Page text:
The term serial killer was first coined in the 1970s by FBI criminal profiler Robert Ressler. Before then, serial killers were merely mass murderers which now has its own specific meaning as well. A serial killer takes lives over the course of days, weeks, or even years. Some of the most prolific serial killers continued their reign of terror for ten years or more. Serial killers capture our attention in a way that is hard to describe. This obsession has spurned a discussion which is explored at length in Why We Love Serial Killers: The World’s Most Savage Murderers. Since there is a psychology to that, we at Psych2Go decided to explore the psychology of the serial killers themselves. Here is a list of serial killers and the psychology behind why they did what they did:
1. Charles Manson (July and August 1969)
Manson and his “family” were rather active in southern California in the 1960s. What started out as a hippy looking cult quickly turned sinister. In August of 1969, Manson convinced members of the “family” to carry out the horrific murder of actress Sharon Tate in her Los Angeles home. All in all, the night of the Tate murder took the lives of five people in what Manson hoped to be the beginning of a race war.
To understand how Manson got his followers to kill for him, we have to examine him as a person. Charles Manson started out in life as the son of a 16-year-old prostitute. Life didn’t amount too much from there as he was arrested as a juvenile for theft. From this time forward, he would spend a good deal of his life in prison for things, like transporting stolen cars and more theft charges. It wasn’t long after he moved to California that he started to attract the attention of local drop outs and runaways. Seeing their need for guidance, he seized the opportunity and placed himself directly within their psyche. While showing signs of narcissistic personality disorder with paranoid delusions, Manson was able to brainwash his followers. In 1971, Manson was found guilty of murder in the Tate and, subsequently, the LaBianca murders.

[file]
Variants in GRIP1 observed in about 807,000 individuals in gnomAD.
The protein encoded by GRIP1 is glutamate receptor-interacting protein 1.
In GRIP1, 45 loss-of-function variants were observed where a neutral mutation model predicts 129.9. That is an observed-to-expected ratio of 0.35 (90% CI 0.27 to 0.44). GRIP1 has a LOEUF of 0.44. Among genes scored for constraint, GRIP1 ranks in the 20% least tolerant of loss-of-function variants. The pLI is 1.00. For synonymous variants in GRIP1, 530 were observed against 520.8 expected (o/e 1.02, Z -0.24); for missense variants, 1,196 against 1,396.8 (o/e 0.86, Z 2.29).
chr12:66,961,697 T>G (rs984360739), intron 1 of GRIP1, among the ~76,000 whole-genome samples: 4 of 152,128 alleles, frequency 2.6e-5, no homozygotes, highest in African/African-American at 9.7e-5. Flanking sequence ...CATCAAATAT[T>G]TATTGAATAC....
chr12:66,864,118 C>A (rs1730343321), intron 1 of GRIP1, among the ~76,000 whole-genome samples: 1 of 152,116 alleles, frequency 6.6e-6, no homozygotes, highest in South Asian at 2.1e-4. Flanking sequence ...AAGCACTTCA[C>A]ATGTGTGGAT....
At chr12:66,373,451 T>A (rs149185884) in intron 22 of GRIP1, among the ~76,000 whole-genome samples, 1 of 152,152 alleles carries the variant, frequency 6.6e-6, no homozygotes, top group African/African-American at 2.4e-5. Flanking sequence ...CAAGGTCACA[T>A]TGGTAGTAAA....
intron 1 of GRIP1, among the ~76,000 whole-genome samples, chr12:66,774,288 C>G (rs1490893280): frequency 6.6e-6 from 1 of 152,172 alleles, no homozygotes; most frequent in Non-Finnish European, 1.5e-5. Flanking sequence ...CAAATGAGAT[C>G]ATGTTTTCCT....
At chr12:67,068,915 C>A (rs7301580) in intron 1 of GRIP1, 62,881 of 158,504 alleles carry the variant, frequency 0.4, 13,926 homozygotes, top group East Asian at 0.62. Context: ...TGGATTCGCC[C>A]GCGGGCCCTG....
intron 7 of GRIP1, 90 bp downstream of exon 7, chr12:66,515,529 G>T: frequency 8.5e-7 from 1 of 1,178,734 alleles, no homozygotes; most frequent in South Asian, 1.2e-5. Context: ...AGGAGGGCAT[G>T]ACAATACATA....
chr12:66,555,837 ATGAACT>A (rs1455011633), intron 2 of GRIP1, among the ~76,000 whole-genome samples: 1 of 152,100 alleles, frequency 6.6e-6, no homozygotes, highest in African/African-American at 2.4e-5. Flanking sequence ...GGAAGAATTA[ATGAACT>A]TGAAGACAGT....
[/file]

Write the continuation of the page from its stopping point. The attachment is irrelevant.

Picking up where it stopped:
2. Jeffrey Dahmer (1978 to 1991)
Jeffrey Dahmer is perhaps one of the most studied and psychologically regarded of all serial killers. He was known as “The Cannibal Killer” and spent a good amount of time abducting, killing and eating his victims. Dahmer himself, in the middle of his insanity trial, said that he went too far with the things that he did. This is perhaps one of the main reasons why he was found to be both sane and of sound mind. He was able to establish that he knew he’d done wrong, or at least he had taken it all too far. So the question is, Why would someone found to be sane still be regarded as having a profound mental illness or defect?